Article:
Thermal preference predicts animal personality in Nile tilapia Oreochromis niloticus



Cerqueira M, Rey S, Featherstone Z, Crumlish M & MacKenzie S (2016) Thermal preference predicts animal personality in Nile tilapia Oreochromis niloticus. Journal of Animal Ecology, 85 (5), pp. 1389-1400.

1.Environmental temperature gradients provide habitat structure in which fish orientate and individual thermal choice may reflect an essential integrated response to the environment. The use of subtle thermal gradients likely impacts upon specific physiological and behavioural processes reflected as a suite of traits described by animal personality. In this study we examine the relationship between thermal choice, animal personality and the impact of infection upon this interaction.  2.We predicted that thermal choice in Nile tilapiaOreochromis niloticusreflects distinct personality traits and that under a challenge individuals exhibit differential thermal distribution.  3.Nile Tilapia were screened following two different protocols: 1) a suite of individual behavioural tests to screen for personality and 2) thermal choice in a custom-built tank with a thermal gradient (TCHtank) ranging from 21 to 33 °C. A first set of fish were screened for behaviour and then thermal preference and a second set were tested in the opposite fashion; thermal then behaviour. The final thermal distribution of the fish after 48 h was assessed reflecting final thermal preferendum. Additionally, fish were then challenged using a bacterialStreptococcus iniaemodel infection to assess the behavioural fever response of proactive and reactive fish.  4.Results showed that individuals with preference for higher temperatures were also classified as proactive with behavioural tests and reactive contemporaries chose significantly lower water temperatures. All groups exhibited behavioural fever recovering personality-specific thermal preferences after 5 days.  5.Our results show that thermal preference can be used as a proxy to assess personality traits in Nile tilapia and it is a central factor to understand the adaptive meaning of animal personality within a population. Importantly, response to infection by expressing behavioural fever overrides personality related thermal choice.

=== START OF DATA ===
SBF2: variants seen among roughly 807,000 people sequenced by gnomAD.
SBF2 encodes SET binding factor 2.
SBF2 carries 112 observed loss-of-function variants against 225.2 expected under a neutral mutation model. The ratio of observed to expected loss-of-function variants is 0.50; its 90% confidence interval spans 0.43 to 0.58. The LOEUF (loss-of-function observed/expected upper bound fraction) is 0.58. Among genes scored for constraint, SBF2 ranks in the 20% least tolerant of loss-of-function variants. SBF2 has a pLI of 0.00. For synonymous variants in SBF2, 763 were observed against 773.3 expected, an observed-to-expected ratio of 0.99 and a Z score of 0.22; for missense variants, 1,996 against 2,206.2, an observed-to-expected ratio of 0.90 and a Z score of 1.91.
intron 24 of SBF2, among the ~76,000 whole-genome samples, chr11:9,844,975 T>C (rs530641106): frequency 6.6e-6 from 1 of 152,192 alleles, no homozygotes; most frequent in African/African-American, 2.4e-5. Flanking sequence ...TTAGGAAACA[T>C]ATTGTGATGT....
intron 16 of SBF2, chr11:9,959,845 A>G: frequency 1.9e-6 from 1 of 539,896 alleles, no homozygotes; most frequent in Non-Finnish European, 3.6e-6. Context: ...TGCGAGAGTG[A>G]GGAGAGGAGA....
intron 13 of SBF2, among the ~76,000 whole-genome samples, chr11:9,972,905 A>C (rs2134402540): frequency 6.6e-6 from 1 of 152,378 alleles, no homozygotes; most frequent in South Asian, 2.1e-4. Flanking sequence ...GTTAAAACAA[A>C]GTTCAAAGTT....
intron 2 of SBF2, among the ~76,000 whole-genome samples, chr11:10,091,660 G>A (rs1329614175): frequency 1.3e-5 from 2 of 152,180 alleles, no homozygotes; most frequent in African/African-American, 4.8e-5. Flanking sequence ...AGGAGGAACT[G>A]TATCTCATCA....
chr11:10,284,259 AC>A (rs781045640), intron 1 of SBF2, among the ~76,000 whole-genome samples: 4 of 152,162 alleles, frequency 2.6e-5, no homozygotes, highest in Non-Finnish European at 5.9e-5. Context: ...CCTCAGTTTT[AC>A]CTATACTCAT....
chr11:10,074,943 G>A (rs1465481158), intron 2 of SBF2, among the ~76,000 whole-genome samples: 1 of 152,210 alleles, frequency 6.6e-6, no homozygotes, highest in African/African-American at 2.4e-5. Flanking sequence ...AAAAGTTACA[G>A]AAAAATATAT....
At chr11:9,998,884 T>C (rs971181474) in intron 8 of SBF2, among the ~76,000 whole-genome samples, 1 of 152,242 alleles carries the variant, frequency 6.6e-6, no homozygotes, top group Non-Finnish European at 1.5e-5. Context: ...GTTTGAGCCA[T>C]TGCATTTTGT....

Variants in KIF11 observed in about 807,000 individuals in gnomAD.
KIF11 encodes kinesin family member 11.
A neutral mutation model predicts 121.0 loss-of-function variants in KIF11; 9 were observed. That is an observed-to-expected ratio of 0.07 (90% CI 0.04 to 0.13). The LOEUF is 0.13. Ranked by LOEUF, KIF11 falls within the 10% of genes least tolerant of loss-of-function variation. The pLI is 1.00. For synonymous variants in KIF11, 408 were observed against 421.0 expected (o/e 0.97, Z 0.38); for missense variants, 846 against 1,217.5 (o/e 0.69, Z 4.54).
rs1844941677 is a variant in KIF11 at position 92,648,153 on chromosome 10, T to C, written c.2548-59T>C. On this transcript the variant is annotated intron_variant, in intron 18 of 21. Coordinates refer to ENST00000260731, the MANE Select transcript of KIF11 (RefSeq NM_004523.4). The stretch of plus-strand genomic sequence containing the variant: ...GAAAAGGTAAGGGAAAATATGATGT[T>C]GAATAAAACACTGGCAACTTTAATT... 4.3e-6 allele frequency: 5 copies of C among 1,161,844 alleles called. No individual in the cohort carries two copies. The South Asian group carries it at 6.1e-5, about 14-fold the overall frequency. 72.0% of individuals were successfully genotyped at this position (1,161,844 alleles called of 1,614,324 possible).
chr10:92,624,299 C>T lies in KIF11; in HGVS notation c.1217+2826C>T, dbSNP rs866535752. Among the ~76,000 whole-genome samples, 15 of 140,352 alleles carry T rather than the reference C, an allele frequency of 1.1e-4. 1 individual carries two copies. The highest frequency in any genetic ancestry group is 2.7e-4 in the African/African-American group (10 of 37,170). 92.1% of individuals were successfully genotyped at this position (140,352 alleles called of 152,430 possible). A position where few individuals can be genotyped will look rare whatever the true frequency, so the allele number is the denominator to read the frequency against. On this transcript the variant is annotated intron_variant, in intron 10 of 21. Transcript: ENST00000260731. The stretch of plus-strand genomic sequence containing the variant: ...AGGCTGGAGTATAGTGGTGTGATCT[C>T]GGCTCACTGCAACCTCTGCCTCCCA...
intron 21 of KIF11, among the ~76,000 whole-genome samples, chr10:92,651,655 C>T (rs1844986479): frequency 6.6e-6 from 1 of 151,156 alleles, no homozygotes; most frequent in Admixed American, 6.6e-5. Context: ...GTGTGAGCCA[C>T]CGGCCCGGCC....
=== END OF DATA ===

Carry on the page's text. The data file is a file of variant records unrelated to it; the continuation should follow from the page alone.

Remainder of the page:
thermal preference; animal personality; environmental choice; behavioural fever; Nile Tilapia; physiological regulation

Journal of Animal Ecology: Volume 85, Issue 5

FundersEuropean Commission
Publication date30/09/2016
Publication date online03/08/2016
Date accepted by journal13/05/2016

People (3)


Professor Margaret Crumlish

Professor Margaret Crumlish

Professor, Institute of Aquaculture

Professor Simon MacKenzie

Professor Simon MacKenzie

Professor & Head of Inst of Aquaculture, Institute of Aquaculture

Dr Sonia Rey Planellas

Dr Sonia Rey Planellas

Associate Professor, Institute of Aquaculture